Here's the real deal on Dave Ramsey and debt
His view on borrowing doesn't sit well with this blogger.
This post comes from partner blog The Dough Roller.
As much good as he does, Dave Ramsey drives me nuts with his extreme views on debt.
as he readily admits, did some really stupid things with debt.
Leveraged to the hilt on bad real estate deals, he went bust in a way
most of us could never imagine. As a real estate investor, my leverage
and borrowing comes nowhere near the toxic level Ramsey went to.
- Bing: More on Dave Ramsey
Why? Because Ramsey's personality is one of extremes. Much like an alcoholic, he could not control his use of debt. He got one taste of that leverage, and he was borrowing before noon ever day.
Dave Ramsey is a recovering debtaholic
he is a recovering debtaholic. Like a recovering alcoholic, he should
never borrow again. Why? He just can't handle it. Put Ramsey and debt
together, and something really ugly develops.
OK, fine. But why
should that apply to all of us? It's as if a recovering alcoholic were
telling the rest of the world never to have a glass of wine. In other
words, what works and doesn't work for Ramsey may not apply to
everybody else. Of course, there are those who, like Dave, can't
control debt and should avoid it just like he does.
if used wisely, can greatly improve your finances, can increase your
financial freedom in the long run, and can greatly improve your balance
Own vs. lease: There's really no difference
debt-free does not automatically mean you've achieved financial
freedom. For example, in the world of accounting, there are some
intricate rules relating to how a company should account for a lease.
Part of the reason for these rules is to prevent a company from
appearing to improve its balance sheet when in reality it hasn't.
example, suppose a company owns a building and has a $1 million
mortgage on the property. The mortgage is reported as a liability on
the company's balance sheet. If it wanted to get that mortgage off its
balance sheet, but still keep the building, it could sell the property
and then lease it back from the buyer under a long-term lease. Is the
company any better off? No, it has just changed the legal form of its
ownership of the building. It's still obligated to pay for the building
each month, but now the payment is called rent rather than a mortgage
We can do the same thing renting a house or leasing a
car. You may not have debt, but you do have financial obligations that
require monthly payments. And you'll never own outright the thing
you're paying for each month. The point is, being debt-free in and of
itself won't necessarily get you the financial freedom you're looking
The real deal on debt
So here's the deal:
Being debt-free is not the holy grail of financial freedom. My wife and
I could be debt-free quite easily. We could sell our house, pay off all
our debt, and have some money left over. I guess we'd then rent a house
or apartment, and I would continue to go to work every day. Would we be
more financially free? Nope. I suppose we could move to a less
expensive area and perhaps even pay cash for a home. Would we be any
more content in life? Nope. In fact, all we'd end up doing is uprooting
our family and moving away from a place we love.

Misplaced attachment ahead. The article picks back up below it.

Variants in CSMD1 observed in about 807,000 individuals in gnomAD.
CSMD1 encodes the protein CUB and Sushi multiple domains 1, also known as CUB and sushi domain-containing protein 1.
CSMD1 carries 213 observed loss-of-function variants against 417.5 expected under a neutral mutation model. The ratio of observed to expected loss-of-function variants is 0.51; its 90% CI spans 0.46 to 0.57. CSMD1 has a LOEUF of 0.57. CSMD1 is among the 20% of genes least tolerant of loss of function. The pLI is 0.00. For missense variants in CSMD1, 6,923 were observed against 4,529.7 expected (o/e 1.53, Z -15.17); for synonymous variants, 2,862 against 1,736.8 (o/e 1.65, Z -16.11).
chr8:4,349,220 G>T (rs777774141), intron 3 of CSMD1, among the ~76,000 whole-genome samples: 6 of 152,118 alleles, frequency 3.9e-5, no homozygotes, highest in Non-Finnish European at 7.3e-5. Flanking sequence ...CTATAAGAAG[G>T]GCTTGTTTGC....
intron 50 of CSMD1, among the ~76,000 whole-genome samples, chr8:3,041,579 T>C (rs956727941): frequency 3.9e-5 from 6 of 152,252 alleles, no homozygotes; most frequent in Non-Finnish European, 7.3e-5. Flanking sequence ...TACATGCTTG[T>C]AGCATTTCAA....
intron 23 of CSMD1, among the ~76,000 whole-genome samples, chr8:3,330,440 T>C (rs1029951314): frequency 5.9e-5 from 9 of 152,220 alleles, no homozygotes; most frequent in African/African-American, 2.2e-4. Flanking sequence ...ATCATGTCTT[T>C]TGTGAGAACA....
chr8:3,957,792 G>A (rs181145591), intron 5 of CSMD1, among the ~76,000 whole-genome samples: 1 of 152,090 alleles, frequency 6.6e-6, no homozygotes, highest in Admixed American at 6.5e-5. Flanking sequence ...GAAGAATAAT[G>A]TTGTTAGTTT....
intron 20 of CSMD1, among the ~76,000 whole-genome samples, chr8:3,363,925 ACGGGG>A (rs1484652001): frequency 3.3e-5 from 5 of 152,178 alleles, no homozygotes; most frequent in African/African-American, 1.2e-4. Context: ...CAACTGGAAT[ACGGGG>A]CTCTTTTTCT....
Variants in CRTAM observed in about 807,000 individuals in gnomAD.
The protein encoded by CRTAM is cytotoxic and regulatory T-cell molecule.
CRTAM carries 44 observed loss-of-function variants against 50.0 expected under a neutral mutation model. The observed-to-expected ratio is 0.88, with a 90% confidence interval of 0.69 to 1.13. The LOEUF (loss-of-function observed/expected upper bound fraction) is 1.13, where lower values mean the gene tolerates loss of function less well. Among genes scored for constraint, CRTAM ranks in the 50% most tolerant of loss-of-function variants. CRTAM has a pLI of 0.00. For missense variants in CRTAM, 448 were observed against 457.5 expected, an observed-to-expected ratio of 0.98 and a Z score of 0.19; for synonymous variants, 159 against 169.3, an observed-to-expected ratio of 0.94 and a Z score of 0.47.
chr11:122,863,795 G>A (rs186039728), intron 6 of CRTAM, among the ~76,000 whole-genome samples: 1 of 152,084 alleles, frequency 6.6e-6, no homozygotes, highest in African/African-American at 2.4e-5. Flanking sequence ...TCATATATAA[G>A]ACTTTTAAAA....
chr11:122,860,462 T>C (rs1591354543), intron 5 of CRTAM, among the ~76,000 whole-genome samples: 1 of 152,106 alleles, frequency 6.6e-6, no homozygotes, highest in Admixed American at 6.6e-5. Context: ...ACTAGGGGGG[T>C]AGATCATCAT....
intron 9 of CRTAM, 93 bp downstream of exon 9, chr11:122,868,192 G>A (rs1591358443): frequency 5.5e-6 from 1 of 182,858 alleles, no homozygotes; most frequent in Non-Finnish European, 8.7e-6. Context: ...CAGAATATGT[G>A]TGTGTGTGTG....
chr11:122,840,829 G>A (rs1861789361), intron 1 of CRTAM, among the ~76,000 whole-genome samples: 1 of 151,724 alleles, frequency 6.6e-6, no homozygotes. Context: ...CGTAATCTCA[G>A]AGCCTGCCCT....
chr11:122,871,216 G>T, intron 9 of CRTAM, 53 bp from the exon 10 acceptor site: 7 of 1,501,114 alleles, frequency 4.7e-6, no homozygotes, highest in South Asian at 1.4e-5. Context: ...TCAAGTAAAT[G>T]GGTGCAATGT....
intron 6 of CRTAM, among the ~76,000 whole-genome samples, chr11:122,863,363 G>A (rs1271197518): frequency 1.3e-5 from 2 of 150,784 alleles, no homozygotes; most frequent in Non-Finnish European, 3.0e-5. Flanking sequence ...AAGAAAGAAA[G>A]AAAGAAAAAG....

Now, the point
here is not to run out and start borrowing. But I would suggest
considering the following guidelines when it comes to borrowing money:
Avoid borrowing to buy something that's not a long-term hard asset.
That means don't borrow to go on vacation or to go out to fancy
restaurants or to line your closet with expensive clothes. One of the
reasons we are financially free even though we have debt is that we
have tangible assets behind the debt (our house, rental properties, a
business) that we could sell if we wanted to and be debt-free. Once you
take a vacation, you can't sell it to pay off the debt.
Keep total debt payments below 30% of your gross income.
I know that for many this will be very difficult, particularly if you
live in an expensive area. But I've found that if monthly debt payments
exceed 30% of gross income, life gets very uncomfortable. And I should
add that as you get older, this percentage should be going down. It
should go down because your income should be going up, and it should
also go down as you pay off debt.
Borrow wisely. We
should all know by now the dangers of variable-rate mortgages.
Mortgages should be 15- or 30-year fixed-rate loans. Take advantage of
0% credit card offers when it makes sense to do so. You can check out
some 0% balance-transfer credit card offers and my 10 commandments on using 0% credit cards.
Don't spend today what you'll earn tomorrow.
This ties into the first guideline above. The point is to control your
spending, and don't let easy access to a loan send your spending out of
control. There are plenty of free online budgeting tools you can use that will help you track and control your spending. Use whatever works best for you.
Ramsey is entertaining, and I agree with a lot of what he preaches. If
you choose to avoid debt as he does, I certainly won't tell you that's
a bad decision. But I also believe that responsible borrowing can
improve your finances with modest risk. So what do you think -- is
Ramsey's approach to debt the right approach for everybody?
Other articles of interest at The Dough Roller:
- How to buy a refurbished iPhone
- Dave Ramsey's Step No. 4: A visual guide to saving 15% for retirement in a Roth 401(k)
- 8 articles to help motivate you to improve your finances
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